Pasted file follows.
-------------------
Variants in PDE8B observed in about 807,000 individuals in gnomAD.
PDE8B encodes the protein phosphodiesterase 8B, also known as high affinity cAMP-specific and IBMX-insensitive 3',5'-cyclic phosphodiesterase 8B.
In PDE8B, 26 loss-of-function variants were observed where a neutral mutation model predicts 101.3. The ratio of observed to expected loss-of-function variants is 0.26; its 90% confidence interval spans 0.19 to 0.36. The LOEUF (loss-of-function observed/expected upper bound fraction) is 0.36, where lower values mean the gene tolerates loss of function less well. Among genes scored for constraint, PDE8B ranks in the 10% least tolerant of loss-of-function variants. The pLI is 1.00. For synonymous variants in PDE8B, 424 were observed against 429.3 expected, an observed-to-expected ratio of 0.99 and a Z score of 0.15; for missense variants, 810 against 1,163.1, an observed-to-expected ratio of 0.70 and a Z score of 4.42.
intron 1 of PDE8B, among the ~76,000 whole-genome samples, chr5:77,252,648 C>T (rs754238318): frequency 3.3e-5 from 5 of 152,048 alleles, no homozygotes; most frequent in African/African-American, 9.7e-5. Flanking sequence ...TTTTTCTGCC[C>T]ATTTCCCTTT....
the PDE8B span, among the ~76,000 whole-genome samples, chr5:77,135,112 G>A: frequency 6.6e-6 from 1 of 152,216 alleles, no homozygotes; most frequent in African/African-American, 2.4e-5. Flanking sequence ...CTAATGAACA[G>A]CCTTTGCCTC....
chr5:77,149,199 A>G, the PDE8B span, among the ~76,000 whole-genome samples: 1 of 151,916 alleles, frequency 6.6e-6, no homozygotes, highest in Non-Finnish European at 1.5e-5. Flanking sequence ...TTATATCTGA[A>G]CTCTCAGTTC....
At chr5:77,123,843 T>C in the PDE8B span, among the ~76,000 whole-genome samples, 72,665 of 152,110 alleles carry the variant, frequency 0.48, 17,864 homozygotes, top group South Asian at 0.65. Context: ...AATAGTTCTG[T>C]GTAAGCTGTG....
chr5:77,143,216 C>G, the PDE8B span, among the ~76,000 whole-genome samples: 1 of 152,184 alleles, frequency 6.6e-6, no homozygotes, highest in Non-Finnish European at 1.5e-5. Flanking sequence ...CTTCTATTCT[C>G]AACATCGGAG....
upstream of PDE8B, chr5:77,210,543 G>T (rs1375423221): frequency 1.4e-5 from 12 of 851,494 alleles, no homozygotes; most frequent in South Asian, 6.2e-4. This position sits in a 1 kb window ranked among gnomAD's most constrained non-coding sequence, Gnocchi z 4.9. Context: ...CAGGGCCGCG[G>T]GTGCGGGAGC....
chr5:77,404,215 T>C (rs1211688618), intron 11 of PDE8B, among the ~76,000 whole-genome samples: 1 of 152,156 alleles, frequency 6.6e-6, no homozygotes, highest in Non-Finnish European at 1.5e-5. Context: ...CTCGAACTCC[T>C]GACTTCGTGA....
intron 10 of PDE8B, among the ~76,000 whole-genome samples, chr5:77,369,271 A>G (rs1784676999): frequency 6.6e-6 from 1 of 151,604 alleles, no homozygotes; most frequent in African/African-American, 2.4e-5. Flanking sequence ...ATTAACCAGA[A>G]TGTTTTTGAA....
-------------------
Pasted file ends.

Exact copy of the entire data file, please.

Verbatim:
Variants in PDE8B observed in about 807,000 individuals in gnomAD.
PDE8B encodes the protein phosphodiesterase 8B, also known as high affinity cAMP-specific and IBMX-insensitive 3',5'-cyclic phosphodiesterase 8B.
In PDE8B, 26 loss-of-function variants were observed where a neutral mutation model predicts 101.3. The ratio of observed to expected loss-of-function variants is 0.26; its 90% confidence interval spans 0.19 to 0.36. The LOEUF (loss-of-function observed/expected upper bound fraction) is 0.36, where lower values mean the gene tolerates loss of function less well. Among genes scored for constraint, PDE8B ranks in the 10% least tolerant of loss-of-function variants. The pLI is 1.00. For synonymous variants in PDE8B, 424 were observed against 429.3 expected, an observed-to-expected ratio of 0.99 and a Z score of 0.15; for missense variants, 810 against 1,163.1, an observed-to-expected ratio of 0.70 and a Z score of 4.42.
intron 1 of PDE8B, among the ~76,000 whole-genome samples, chr5:77,252,648 C>T (rs754238318): frequency 3.3e-5 from 5 of 152,048 alleles, no homozygotes; most frequent in African/African-American, 9.7e-5. Flanking sequence ...TTTTTCTGCC[C>T]ATTTCCCTTT....
the PDE8B span, among the ~76,000 whole-genome samples, chr5:77,135,112 G>A: frequency 6.6e-6 from 1 of 152,216 alleles, no homozygotes; most frequent in African/African-American, 2.4e-5. Flanking sequence ...CTAATGAACA[G>A]CCTTTGCCTC....
chr5:77,149,199 A>G, the PDE8B span, among the ~76,000 whole-genome samples: 1 of 151,916 alleles, frequency 6.6e-6, no homozygotes, highest in Non-Finnish European at 1.5e-5. Flanking sequence ...TTATATCTGA[A>G]CTCTCAGTTC....
At chr5:77,123,843 T>C in the PDE8B span, among the ~76,000 whole-genome samples, 72,665 of 152,110 alleles carry the variant, frequency 0.48, 17,864 homozygotes, top group South Asian at 0.65. Context: ...AATAGTTCTG[T>C]GTAAGCTGTG....
chr5:77,143,216 C>G, the PDE8B span, among the ~76,000 whole-genome samples: 1 of 152,184 alleles, frequency 6.6e-6, no homozygotes, highest in Non-Finnish European at 1.5e-5. Flanking sequence ...CTTCTATTCT[C>G]AACATCGGAG....
upstream of PDE8B, chr5:77,210,543 G>T (rs1375423221): frequency 1.4e-5 from 12 of 851,494 alleles, no homozygotes; most frequent in South Asian, 6.2e-4. This position sits in a 1 kb window ranked among gnomAD's most constrained non-coding sequence, Gnocchi z 4.9. Context: ...CAGGGCCGCG[G>T]GTGCGGGAGC....
chr5:77,404,215 T>C (rs1211688618), intron 11 of PDE8B, among the ~76,000 whole-genome samples: 1 of 152,156 alleles, frequency 6.6e-6, no homozygotes, highest in Non-Finnish European at 1.5e-5. Context: ...CTCGAACTCC[T>C]GACTTCGTGA....
intron 10 of PDE8B, among the ~76,000 whole-genome samples, chr5:77,369,271 A>G (rs1784676999): frequency 6.6e-6 from 1 of 151,604 alleles, no homozygotes; most frequent in African/African-American, 2.4e-5. Flanking sequence ...ATTAACCAGA[A>G]TGTTTTTGAA....